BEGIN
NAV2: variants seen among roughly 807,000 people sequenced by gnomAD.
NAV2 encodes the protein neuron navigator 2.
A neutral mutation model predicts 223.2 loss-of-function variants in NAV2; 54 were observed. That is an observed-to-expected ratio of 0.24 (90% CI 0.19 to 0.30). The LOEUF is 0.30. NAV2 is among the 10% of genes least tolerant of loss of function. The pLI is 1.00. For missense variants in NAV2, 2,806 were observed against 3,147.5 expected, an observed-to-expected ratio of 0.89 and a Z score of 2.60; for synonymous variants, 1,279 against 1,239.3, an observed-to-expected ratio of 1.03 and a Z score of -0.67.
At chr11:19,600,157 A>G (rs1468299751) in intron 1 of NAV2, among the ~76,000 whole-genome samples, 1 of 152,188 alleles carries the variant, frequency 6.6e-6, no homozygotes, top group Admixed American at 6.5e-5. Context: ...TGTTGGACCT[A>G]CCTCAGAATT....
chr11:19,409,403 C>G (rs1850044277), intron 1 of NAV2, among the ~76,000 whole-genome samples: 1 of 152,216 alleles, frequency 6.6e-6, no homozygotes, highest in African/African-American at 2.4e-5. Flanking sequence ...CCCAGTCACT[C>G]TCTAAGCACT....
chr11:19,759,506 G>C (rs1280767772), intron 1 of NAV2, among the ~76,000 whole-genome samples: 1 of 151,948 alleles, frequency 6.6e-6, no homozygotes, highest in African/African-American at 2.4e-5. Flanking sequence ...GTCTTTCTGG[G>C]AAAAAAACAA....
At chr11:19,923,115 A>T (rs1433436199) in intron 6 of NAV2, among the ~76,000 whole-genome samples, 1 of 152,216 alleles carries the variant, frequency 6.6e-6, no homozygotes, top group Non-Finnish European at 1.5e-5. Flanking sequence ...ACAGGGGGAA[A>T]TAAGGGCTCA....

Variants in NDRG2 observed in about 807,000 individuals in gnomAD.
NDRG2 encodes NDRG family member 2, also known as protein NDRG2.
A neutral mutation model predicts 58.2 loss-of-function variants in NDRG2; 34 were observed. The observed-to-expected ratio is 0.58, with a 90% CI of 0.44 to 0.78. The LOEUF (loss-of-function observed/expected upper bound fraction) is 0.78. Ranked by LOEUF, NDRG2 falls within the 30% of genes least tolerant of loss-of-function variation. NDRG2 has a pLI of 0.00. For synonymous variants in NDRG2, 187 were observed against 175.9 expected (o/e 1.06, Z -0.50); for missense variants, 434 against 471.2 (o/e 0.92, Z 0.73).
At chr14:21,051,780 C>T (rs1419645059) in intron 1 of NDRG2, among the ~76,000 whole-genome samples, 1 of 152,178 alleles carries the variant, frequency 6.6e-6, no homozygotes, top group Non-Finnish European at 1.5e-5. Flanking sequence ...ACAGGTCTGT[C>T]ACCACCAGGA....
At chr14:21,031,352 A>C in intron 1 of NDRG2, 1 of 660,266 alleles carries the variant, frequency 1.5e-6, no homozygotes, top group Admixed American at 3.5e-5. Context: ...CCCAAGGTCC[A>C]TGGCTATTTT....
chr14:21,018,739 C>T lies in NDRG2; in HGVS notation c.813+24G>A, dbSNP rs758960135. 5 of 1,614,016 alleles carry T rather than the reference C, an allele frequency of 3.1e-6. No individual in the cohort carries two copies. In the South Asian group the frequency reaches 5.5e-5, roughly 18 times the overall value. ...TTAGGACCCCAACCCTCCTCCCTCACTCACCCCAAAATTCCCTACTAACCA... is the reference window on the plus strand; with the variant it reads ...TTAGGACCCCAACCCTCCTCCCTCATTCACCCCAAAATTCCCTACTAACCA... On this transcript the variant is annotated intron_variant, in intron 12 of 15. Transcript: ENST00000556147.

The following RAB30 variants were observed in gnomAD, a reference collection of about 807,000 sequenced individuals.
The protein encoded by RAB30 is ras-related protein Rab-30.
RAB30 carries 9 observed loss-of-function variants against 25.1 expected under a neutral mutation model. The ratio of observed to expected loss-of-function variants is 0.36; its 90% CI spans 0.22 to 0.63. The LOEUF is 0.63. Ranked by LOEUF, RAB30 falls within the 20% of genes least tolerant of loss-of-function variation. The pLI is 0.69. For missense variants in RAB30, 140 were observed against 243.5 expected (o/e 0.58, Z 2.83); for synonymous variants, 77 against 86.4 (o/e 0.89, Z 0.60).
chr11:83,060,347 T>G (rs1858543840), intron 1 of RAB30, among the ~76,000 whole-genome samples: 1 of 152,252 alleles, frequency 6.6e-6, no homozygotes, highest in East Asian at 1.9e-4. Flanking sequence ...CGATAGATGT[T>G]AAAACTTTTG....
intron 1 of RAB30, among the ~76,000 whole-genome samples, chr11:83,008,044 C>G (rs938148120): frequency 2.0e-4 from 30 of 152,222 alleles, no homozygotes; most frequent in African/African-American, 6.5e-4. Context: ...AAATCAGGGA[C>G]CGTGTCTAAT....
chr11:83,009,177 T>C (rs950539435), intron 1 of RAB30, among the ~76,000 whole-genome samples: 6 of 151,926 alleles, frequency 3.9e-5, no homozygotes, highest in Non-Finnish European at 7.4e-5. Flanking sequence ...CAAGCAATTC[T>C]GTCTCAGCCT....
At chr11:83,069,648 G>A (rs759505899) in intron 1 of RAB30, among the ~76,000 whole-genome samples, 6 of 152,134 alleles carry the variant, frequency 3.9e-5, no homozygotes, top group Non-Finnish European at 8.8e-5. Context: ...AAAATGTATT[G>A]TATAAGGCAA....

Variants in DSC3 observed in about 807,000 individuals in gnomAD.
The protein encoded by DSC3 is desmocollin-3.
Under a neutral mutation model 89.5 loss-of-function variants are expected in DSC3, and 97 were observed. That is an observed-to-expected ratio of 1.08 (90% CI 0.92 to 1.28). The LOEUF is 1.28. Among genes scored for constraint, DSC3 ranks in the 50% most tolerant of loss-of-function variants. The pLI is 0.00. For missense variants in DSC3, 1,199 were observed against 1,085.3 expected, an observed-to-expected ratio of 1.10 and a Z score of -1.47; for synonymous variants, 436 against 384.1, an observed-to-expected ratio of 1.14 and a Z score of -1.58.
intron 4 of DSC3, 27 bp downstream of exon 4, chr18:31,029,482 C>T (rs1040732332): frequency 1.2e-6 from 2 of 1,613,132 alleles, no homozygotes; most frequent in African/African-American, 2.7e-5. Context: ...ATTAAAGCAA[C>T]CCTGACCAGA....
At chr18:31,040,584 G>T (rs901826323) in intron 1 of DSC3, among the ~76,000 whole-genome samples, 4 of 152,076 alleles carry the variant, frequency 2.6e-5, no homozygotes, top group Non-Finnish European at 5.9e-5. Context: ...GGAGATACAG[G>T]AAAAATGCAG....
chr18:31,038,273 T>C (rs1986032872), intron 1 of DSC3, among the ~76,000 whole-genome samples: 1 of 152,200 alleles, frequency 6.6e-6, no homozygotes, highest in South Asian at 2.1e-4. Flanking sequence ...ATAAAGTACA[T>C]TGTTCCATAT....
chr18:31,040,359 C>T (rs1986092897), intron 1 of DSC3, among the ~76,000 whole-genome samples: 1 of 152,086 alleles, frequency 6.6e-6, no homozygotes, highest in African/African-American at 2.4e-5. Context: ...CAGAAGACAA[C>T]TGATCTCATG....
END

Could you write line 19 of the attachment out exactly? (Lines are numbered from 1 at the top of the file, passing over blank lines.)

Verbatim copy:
chr11:83,009,177 T>C (rs950539435), intron 1 of RAB30, among the ~76,000 whole-genome samples: 6 of 151,926 alleles, frequency 3.9e-5, no homozygotes, highest in Non-Finnish European at 7.4e-5. Flanking sequence ...CAAGCAATTC[T>C]GTCTCAGCCT....